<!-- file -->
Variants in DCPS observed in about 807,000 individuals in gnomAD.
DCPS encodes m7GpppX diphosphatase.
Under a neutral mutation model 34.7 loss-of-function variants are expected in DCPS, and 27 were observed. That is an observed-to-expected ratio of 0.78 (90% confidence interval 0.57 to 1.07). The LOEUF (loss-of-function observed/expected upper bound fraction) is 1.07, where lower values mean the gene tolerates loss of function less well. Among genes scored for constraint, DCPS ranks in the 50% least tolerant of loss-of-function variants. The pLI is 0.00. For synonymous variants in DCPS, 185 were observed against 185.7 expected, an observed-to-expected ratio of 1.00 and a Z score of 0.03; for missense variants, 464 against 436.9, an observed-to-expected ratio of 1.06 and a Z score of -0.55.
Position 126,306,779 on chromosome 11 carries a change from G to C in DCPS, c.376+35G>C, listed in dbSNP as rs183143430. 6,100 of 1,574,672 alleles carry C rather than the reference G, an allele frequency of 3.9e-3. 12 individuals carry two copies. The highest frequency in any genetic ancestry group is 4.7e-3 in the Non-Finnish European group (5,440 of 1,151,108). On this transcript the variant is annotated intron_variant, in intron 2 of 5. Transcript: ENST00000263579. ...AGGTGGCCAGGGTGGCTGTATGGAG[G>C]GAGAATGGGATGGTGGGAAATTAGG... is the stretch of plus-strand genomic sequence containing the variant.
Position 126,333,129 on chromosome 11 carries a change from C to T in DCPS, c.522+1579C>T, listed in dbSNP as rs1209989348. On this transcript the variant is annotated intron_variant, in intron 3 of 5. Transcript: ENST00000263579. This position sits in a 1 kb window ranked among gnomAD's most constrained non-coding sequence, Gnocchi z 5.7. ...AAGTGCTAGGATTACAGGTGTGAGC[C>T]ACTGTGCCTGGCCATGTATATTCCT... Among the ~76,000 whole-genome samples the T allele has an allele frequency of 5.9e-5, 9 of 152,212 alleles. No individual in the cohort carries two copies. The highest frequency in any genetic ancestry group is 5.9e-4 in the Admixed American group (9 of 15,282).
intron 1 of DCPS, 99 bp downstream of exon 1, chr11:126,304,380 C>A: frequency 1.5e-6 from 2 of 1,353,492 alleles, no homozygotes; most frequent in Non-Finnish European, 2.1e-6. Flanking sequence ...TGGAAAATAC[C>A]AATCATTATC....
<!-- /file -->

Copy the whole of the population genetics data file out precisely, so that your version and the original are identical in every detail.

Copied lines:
Variants in DCPS observed in about 807,000 individuals in gnomAD.
DCPS encodes m7GpppX diphosphatase.
Under a neutral mutation model 34.7 loss-of-function variants are expected in DCPS, and 27 were observed. That is an observed-to-expected ratio of 0.78 (90% confidence interval 0.57 to 1.07). The LOEUF (loss-of-function observed/expected upper bound fraction) is 1.07, where lower values mean the gene tolerates loss of function less well. Among genes scored for constraint, DCPS ranks in the 50% least tolerant of loss-of-function variants. The pLI is 0.00. For synonymous variants in DCPS, 185 were observed against 185.7 expected, an observed-to-expected ratio of 1.00 and a Z score of 0.03; for missense variants, 464 against 436.9, an observed-to-expected ratio of 1.06 and a Z score of -0.55.
Position 126,306,779 on chromosome 11 carries a change from G to C in DCPS, c.376+35G>C, listed in dbSNP as rs183143430. 6,100 of 1,574,672 alleles carry C rather than the reference G, an allele frequency of 3.9e-3. 12 individuals carry two copies. The highest frequency in any genetic ancestry group is 4.7e-3 in the Non-Finnish European group (5,440 of 1,151,108). On this transcript the variant is annotated intron_variant, in intron 2 of 5. Transcript: ENST00000263579. ...AGGTGGCCAGGGTGGCTGTATGGAG[G>C]GAGAATGGGATGGTGGGAAATTAGG... is the stretch of plus-strand genomic sequence containing the variant.
Position 126,333,129 on chromosome 11 carries a change from C to T in DCPS, c.522+1579C>T, listed in dbSNP as rs1209989348. On this transcript the variant is annotated intron_variant, in intron 3 of 5. Transcript: ENST00000263579. This position sits in a 1 kb window ranked among gnomAD's most constrained non-coding sequence, Gnocchi z 5.7. ...AAGTGCTAGGATTACAGGTGTGAGC[C>T]ACTGTGCCTGGCCATGTATATTCCT... Among the ~76,000 whole-genome samples the T allele has an allele frequency of 5.9e-5, 9 of 152,212 alleles. No individual in the cohort carries two copies. The highest frequency in any genetic ancestry group is 5.9e-4 in the Admixed American group (9 of 15,282).
intron 1 of DCPS, 99 bp downstream of exon 1, chr11:126,304,380 C>A: frequency 1.5e-6 from 2 of 1,353,492 alleles, no homozygotes; most frequent in Non-Finnish European, 2.1e-6. Flanking sequence ...TGGAAAATAC[C>A]AATCATTATC....